British Crop Production Council discusses the consequences of EU pesticide legislation with UK food chain
June 17, 2008
The BCPC in the UK hosted a food chain forum in June, attended by growers, advisors, retainers, consumer organisations and government representatives. They came together to discuss the impact of EU’s proposed legislation on UK food production, availability and price. Not an uncommon theme right now in the media.The event was described as a “wake-up call” to the consequences of EU legislation that have so far gone unnoticed. After reading about BCPC’s event, it certainly made me sit up – as the production of potatoes, leafy vegetables and wheat in the UK could fall by 60% having a huge knock-on effect on their price if the legislation is passed.
It all sounds very Doomsday, so I asked Dr Colin Ruscoe, Chairman of BCPE, (the operating arm of BCPC) who organised the Forum, to give me his opinion post the event.
Why did you organise the event?
Quite simply, to understand the impact of the proposed legislation on food production, price and the environment, to communicate the findings – which were only just becoming clear from studies by independent bodies such as PSD and ADAS, the Arable Group and others, to those attending from the Food Chain. It gave them a chance to interrogate the presenters, allow them to voice their opinions – and then communicate further the conclusions.
The figures expressed are astonishing, for instance the proposal to revise the authorization of pesticides could result in 80% of all pesticides assuming these figures are true, what or who is driving this legislative process on pesticide reform?
The proposals have been presented by the European Commission, led by the new Commissioner for Health and Consumer Protection, Androulla Vassilou, who has said she will not allow the use of any potentially hazardous products, and states that the proposals will not have much impact on agriculture. The Commission has a misplaced view that the proposals will reduce risks to human health. It is a typical European story – theproposals have been discussed for over a year, and many have assumed the extreme elements will be talked out – but they disappear into various committees, and get worse. For example the European Parliament has added further restrictions. We are now running out of time – they due for agreement in the next few months and implementation in late 2009 – but we saw them not much more than a month ago.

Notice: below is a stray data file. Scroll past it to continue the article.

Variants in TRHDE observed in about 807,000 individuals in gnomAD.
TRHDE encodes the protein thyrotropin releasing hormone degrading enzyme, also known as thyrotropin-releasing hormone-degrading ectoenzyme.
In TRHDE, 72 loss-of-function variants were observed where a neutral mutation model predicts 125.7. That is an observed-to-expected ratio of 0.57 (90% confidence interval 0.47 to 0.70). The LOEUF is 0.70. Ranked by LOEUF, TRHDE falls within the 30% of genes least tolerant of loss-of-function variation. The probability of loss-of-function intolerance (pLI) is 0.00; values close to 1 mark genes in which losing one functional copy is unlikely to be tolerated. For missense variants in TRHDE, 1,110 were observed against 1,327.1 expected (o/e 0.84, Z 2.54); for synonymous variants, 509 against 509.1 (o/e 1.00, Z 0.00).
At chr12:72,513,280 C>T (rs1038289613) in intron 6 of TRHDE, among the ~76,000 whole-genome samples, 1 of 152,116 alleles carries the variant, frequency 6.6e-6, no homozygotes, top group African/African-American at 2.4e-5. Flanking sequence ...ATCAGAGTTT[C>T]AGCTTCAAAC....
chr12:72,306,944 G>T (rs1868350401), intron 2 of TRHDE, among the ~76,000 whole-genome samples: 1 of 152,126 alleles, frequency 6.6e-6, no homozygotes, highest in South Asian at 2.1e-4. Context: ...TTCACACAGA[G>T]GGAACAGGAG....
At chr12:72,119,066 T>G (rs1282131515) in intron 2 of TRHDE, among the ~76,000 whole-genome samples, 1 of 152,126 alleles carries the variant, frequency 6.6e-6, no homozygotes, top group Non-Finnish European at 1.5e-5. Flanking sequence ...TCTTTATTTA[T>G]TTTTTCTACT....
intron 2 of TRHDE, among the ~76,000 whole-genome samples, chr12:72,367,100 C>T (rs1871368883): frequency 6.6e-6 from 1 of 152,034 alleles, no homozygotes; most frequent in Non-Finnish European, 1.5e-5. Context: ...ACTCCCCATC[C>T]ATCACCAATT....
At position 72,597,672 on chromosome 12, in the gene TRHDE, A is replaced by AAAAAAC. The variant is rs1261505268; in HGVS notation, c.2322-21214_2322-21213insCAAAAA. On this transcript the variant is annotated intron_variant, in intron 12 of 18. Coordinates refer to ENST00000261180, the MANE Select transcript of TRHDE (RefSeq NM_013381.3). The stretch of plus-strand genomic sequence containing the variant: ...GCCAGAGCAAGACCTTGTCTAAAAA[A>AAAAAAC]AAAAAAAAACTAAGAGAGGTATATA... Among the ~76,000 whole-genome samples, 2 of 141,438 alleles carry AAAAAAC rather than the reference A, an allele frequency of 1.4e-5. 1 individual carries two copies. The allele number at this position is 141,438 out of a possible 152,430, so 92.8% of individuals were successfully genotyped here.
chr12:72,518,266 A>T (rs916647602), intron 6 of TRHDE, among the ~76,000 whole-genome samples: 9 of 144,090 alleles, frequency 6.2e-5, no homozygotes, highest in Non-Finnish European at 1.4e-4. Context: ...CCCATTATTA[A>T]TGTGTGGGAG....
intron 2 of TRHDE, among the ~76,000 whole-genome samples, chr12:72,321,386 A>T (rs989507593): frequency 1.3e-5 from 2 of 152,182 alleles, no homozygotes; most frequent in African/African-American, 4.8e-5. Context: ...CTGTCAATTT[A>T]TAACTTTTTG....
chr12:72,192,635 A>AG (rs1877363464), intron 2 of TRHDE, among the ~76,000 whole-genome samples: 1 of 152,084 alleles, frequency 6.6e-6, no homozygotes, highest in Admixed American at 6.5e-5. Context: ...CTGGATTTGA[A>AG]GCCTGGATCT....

If you had a chance to talk to Commissioners and MEPs, what would you like to tell them?
Implementation of these proposals will clearly exacerbate the rises in food prices, and prevent the growing of many fruit and vegetable crops in the UK and Europe. Furthermore the proposals will prevent imports of treated crops from outside the EU. The UK should insist that the proposals should not be accepted in the absence of evaluation of results of EU and Member State Impact Studies on impact on agriculture, food supply and price, and health – there should be a proven link, in practical usage, between regulatory application of the proposed criteria and benefit to human health or environment. Europe clearly cannot afford to implement indiscriminate hazard-based cut-off criteria without reference to impact studies on food supply/price, the environment and health across all EU Member States.